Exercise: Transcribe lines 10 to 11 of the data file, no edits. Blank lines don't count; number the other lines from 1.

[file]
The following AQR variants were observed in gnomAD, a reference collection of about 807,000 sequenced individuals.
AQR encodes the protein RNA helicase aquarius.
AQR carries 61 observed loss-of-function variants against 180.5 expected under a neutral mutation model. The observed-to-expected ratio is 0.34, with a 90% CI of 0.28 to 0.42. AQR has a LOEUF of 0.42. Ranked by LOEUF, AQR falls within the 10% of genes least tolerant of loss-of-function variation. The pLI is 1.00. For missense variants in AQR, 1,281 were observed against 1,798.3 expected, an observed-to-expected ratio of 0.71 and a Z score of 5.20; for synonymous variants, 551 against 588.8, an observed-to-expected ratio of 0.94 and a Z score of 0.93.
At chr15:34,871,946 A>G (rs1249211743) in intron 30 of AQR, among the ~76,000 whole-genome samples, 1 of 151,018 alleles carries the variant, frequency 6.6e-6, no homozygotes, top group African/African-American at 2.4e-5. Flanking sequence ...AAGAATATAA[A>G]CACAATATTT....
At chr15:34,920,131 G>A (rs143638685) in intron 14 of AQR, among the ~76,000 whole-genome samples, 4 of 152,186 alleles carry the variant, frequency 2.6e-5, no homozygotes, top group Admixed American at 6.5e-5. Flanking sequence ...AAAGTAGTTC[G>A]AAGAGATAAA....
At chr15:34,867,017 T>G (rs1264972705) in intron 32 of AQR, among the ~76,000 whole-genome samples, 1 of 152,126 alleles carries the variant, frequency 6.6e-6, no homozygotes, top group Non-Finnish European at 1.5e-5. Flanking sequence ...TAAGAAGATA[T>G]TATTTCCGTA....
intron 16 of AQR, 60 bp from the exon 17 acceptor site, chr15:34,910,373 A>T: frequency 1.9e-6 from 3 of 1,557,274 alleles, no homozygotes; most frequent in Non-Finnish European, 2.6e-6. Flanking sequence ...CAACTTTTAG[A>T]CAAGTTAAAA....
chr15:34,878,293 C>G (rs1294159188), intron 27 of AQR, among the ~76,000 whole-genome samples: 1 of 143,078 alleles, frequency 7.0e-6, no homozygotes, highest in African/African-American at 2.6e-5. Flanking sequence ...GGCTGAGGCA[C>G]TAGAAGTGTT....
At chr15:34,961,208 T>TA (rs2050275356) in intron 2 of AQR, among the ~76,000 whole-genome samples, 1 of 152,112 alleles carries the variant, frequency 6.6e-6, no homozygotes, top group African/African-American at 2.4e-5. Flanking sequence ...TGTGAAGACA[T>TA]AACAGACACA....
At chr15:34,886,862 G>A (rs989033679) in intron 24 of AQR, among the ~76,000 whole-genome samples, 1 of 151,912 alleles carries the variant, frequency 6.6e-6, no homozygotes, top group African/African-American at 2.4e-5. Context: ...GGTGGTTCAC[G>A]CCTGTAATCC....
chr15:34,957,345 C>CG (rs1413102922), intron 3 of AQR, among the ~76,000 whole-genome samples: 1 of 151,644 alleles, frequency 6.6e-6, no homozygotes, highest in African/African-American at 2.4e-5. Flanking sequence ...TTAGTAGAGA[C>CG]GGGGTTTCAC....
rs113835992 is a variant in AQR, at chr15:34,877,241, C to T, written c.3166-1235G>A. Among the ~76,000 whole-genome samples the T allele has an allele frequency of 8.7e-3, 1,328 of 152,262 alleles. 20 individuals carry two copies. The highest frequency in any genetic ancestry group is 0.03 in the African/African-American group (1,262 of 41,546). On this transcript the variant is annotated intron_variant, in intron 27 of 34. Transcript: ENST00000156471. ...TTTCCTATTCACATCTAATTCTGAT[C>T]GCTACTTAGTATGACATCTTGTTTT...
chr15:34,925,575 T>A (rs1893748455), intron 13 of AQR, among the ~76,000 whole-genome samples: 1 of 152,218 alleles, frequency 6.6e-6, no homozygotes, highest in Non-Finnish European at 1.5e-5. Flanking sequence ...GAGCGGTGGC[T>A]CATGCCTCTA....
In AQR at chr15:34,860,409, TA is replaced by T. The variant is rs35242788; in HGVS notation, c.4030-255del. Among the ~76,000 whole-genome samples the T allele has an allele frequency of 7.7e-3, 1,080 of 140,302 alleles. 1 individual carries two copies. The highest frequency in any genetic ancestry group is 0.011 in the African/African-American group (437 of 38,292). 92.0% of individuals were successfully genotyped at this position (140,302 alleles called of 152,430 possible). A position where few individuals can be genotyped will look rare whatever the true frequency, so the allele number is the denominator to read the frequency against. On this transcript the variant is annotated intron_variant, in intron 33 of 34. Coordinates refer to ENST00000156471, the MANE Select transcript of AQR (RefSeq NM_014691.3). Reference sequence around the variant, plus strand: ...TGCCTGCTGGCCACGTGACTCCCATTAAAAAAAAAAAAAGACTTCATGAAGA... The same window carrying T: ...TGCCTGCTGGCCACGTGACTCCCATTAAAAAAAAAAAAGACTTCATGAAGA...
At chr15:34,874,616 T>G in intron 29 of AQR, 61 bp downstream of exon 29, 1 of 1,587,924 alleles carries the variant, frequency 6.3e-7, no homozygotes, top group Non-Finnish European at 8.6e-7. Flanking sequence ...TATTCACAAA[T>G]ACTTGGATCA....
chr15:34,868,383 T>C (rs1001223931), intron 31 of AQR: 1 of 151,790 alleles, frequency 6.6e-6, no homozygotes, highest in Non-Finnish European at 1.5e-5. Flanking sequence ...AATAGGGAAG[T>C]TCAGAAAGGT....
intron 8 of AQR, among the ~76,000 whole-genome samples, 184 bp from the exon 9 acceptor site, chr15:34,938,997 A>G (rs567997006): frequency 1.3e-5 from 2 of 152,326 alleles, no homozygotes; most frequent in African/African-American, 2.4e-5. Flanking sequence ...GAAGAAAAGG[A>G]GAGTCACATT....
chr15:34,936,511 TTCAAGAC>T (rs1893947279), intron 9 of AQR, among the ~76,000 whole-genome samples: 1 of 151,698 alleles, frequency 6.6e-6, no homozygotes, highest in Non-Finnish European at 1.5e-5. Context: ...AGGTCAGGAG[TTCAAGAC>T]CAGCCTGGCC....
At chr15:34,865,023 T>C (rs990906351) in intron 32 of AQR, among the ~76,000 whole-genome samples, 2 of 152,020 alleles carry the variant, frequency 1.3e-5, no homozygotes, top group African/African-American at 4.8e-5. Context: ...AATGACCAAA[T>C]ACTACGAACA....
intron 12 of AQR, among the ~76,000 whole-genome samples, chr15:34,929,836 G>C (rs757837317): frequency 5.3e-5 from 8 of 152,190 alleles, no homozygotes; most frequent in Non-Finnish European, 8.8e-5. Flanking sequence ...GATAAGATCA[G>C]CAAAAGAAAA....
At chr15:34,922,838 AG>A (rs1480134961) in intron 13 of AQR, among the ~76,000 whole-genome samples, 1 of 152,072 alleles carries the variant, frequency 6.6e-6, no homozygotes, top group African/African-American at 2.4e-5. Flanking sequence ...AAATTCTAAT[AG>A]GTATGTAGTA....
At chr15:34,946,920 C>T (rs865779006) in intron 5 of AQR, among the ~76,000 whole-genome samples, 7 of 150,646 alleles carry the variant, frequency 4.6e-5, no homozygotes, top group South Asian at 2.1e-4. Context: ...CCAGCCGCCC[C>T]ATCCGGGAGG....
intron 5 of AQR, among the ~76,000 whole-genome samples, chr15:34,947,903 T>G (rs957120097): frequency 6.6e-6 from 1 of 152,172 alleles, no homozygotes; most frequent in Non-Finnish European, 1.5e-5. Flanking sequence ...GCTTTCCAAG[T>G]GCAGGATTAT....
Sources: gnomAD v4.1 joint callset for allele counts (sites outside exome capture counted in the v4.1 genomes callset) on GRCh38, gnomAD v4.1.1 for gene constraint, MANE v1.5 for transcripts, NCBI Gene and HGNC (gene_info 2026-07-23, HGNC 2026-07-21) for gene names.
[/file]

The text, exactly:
At chr15:34,886,862 G>A (rs989033679) in intron 24 of AQR, among the ~76,000 whole-genome samples, 1 of 151,912 alleles carries the variant, frequency 6.6e-6, no homozygotes, top group African/African-American at 2.4e-5. Context: ...GGTGGTTCAC[G>A]CCTGTAATCC....
chr15:34,957,345 C>CG (rs1413102922), intron 3 of AQR, among the ~76,000 whole-genome samples: 1 of 151,644 alleles, frequency 6.6e-6, no homozygotes, highest in African/African-American at 2.4e-5. Flanking sequence ...TTAGTAGAGA[C>CG]GGGGTTTCAC....